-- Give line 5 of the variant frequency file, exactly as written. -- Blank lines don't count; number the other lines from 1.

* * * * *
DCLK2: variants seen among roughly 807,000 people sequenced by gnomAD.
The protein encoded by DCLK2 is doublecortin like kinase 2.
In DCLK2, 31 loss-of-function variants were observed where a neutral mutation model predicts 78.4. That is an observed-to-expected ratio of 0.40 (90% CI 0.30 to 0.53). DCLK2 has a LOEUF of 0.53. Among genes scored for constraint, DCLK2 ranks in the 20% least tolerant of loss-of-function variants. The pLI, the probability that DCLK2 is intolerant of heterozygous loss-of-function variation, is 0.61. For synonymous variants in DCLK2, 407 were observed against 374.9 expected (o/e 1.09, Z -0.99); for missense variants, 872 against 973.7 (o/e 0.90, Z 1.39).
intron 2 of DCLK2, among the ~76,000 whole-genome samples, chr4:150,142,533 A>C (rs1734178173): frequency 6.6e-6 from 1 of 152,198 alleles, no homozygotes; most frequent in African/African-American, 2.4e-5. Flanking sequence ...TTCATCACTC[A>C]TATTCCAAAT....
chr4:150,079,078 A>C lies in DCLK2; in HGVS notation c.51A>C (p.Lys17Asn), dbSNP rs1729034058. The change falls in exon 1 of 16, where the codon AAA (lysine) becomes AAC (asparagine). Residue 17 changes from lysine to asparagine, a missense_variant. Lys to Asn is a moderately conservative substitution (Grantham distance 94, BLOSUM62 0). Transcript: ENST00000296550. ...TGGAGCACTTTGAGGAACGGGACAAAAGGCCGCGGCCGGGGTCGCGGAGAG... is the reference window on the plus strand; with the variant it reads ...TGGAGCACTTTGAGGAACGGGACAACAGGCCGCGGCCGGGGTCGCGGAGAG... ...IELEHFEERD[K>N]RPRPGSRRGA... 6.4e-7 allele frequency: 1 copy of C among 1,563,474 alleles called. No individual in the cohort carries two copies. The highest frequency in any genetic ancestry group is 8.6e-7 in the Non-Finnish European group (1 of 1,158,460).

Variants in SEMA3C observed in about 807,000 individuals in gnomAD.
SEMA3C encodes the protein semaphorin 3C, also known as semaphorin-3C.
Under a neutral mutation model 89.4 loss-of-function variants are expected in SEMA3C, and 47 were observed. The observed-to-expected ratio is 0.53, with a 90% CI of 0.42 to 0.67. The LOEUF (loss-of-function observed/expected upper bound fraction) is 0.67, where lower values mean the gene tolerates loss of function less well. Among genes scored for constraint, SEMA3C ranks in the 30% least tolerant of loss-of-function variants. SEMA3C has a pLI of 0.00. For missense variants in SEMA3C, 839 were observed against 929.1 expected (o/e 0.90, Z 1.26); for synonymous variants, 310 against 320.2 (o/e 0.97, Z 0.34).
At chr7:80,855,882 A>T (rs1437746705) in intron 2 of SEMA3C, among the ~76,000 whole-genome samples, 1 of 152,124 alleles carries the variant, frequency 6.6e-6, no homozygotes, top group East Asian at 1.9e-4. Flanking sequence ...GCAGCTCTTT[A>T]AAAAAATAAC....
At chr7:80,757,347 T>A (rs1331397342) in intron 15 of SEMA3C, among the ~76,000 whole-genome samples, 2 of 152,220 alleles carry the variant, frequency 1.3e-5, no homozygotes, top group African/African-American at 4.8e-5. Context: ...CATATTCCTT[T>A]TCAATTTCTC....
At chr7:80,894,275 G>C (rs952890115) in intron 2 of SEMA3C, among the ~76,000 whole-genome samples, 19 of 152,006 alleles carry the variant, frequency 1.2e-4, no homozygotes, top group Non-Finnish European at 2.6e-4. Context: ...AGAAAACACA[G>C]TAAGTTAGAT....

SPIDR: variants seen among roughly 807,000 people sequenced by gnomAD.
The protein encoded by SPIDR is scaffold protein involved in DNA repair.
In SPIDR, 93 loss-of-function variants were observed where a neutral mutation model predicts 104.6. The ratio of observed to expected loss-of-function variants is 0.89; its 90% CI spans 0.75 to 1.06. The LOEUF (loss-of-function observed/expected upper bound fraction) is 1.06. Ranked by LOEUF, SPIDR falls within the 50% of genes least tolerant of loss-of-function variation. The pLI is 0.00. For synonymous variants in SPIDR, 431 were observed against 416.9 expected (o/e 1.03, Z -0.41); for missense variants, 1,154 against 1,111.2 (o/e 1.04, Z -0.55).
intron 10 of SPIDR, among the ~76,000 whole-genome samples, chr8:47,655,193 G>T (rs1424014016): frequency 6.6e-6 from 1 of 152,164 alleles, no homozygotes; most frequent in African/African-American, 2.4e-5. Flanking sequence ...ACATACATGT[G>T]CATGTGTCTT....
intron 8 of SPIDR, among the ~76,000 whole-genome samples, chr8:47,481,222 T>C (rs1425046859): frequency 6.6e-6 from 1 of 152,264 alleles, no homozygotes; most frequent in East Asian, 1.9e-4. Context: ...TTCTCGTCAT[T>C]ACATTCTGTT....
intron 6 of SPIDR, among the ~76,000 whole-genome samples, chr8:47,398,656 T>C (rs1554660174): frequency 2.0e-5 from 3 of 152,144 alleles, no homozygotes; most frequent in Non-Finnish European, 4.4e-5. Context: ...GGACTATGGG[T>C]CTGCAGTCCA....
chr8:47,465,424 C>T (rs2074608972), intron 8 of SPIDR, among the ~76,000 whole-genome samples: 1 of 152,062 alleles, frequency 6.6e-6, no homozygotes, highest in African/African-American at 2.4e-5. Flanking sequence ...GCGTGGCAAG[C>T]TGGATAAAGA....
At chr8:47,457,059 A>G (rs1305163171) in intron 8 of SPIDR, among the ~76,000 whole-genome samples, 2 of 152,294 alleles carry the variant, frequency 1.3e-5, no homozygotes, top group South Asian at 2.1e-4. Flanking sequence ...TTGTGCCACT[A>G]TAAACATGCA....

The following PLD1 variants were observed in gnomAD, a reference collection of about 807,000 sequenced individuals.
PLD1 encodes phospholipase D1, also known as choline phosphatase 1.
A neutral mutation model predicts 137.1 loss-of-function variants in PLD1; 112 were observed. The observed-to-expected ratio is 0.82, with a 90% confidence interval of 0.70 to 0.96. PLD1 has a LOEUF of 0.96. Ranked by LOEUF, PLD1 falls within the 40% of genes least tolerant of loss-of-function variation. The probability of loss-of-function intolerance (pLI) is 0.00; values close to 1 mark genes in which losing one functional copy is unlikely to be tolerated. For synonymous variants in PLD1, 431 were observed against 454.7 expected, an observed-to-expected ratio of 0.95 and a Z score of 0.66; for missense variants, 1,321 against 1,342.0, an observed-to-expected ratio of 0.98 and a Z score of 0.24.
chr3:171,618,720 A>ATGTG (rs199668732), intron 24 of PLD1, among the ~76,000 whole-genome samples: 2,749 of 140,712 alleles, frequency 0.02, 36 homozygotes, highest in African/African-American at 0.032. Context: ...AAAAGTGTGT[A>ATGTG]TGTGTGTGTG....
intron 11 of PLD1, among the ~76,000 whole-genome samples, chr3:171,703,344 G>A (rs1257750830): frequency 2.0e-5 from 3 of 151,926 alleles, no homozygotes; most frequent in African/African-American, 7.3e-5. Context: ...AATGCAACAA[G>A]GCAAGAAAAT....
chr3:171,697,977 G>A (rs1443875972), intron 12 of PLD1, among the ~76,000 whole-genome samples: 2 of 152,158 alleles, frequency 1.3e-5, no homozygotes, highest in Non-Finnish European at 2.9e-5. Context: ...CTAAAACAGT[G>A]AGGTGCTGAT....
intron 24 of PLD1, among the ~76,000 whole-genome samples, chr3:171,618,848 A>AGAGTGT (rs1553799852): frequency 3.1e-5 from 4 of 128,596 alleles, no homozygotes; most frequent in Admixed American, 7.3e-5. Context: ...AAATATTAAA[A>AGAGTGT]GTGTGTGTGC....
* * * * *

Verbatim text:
chr4:150,079,078 A>C lies in DCLK2; in HGVS notation c.51A>C (p.Lys17Asn), dbSNP rs1729034058. The change falls in exon 1 of 16, where the codon AAA (lysine) becomes AAC (asparagine). Residue 17 changes from lysine to asparagine, a missense_variant. Lys to Asn is a moderately conservative substitution (Grantham distance 94, BLOSUM62 0). Transcript: ENST00000296550. ...TGGAGCACTTTGAGGAACGGGACAAAAGGCCGCGGCCGGGGTCGCGGAGAG... is the reference window on the plus strand; with the variant it reads ...TGGAGCACTTTGAGGAACGGGACAACAGGCCGCGGCCGGGGTCGCGGAGAG... ...IELEHFEERD[K>N]RPRPGSRRGA... 6.4e-7 allele frequency: 1 copy of C among 1,563,474 alleles called. No individual in the cohort carries two copies. The highest frequency in any genetic ancestry group is 8.6e-7 in the Non-Finnish European group (1 of 1,158,460).